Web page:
If Narendra Modi is to be PM, it is clear PSU privatisation is not going to be top on his agenda. As he repeated in his CNBC Awaaz interview last week, his focus will be professionalising PSUs. He gave several examples of PSUs in Gujarat that had been turned around, topping which was the Gujarat State Electricity Board. Modi is obviously right in that PSUs need to be given a chance to prove their mettle and, were he to become PM, he is essentially promising that PSUs will take their own decisions. So, one minister, or a small group, will not force an Air India to buy $11 billion worth of aircraft when it has no hope of being able to service the debt; nor will an MTNL or a BSNL be forced to buy 3G/BWA spectrum at an undisclosed price—to be decided a year later, in an auction—when their boards have not even done a cost-benefit analysis. Most important, if Modi needs to ensure PSUs get a level playing field, he has to free them of L1-itis, the necessity that a tender has to be floated for almost anything, and that a losing party can go to court and simply block expansion for years using the allegation that the tender is flawed. BSNL’s loss in market leadership—not profits—can be traced, almost to the day when, thanks to the losing vendors approaching the courts, it was not able to create enough capacity, as a result of which the Bhartis and the Vodafones got all new rural demand. This will be Modi’s biggest challenge, to find a way not just to free PSUs from his cabinet colleagues, but to give them operational freedom.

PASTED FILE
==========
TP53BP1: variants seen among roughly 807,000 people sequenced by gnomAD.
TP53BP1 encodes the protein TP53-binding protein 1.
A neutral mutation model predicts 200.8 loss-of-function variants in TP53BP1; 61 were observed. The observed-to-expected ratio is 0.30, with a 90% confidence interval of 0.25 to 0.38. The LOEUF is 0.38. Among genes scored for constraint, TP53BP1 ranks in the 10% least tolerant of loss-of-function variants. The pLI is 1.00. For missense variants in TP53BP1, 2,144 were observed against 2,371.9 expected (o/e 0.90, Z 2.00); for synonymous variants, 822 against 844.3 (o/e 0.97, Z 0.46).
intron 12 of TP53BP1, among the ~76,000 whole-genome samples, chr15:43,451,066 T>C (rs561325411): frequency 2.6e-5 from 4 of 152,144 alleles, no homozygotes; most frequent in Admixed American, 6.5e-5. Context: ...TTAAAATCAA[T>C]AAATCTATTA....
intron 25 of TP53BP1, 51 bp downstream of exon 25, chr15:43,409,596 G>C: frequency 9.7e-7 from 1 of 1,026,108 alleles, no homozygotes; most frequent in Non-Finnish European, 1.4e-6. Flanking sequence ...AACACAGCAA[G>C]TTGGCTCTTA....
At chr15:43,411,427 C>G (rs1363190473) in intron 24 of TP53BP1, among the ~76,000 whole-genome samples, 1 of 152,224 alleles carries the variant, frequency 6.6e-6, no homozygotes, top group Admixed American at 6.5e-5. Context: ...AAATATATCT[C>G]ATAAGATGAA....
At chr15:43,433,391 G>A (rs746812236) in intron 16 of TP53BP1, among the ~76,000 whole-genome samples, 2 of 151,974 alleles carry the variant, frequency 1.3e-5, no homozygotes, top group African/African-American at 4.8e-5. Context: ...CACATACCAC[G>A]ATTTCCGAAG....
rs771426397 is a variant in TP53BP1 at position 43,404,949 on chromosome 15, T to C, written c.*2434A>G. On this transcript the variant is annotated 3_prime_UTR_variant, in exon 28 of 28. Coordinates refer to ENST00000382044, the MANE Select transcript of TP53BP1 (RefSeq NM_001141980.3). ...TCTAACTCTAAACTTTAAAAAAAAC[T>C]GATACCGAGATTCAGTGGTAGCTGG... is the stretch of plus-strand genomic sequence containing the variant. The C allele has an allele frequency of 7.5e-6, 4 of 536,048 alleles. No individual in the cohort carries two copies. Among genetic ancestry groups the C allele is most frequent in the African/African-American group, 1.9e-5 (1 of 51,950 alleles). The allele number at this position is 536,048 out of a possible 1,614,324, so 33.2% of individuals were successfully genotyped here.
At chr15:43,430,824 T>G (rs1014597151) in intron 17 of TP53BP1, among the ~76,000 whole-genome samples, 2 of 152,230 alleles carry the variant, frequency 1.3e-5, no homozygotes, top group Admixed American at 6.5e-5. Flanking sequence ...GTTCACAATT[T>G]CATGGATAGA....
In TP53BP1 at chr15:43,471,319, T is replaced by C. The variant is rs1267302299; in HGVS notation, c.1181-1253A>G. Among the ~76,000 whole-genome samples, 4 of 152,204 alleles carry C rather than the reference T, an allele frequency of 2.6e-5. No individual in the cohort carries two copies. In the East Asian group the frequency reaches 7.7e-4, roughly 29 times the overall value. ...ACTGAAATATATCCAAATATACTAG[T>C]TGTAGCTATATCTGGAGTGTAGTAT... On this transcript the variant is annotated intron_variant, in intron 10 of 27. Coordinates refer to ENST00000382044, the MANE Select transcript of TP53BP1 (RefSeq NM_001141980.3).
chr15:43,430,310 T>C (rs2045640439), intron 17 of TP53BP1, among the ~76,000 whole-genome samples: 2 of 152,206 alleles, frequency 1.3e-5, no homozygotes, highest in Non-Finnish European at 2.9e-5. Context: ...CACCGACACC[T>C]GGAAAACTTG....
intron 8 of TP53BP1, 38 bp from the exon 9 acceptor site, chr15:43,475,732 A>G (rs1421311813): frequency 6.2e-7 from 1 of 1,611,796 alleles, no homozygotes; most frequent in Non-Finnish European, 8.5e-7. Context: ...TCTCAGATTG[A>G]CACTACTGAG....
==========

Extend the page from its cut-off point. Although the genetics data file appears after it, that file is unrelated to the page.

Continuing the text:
It would, however, be naive to think Modi’s view of PSUs is to give them unlimited dole. In the case of the Gujarat electricity board, the professionalisation was accompanied by realism, and farmers were—to their initial horror—charged for the electricity being supplied to them. It is this realism that, presumably, will inform how Modi tackles PSUs. MTNL, for instance, cannot become profitable without radical surgery. Its wage bill is more than its turnover while the comparable number for a Bharti Airtel is just 5%. Increasing the topline is vital, but there aren’t enough Indians to raise it 20 times over—MTNL’s subscriber base of
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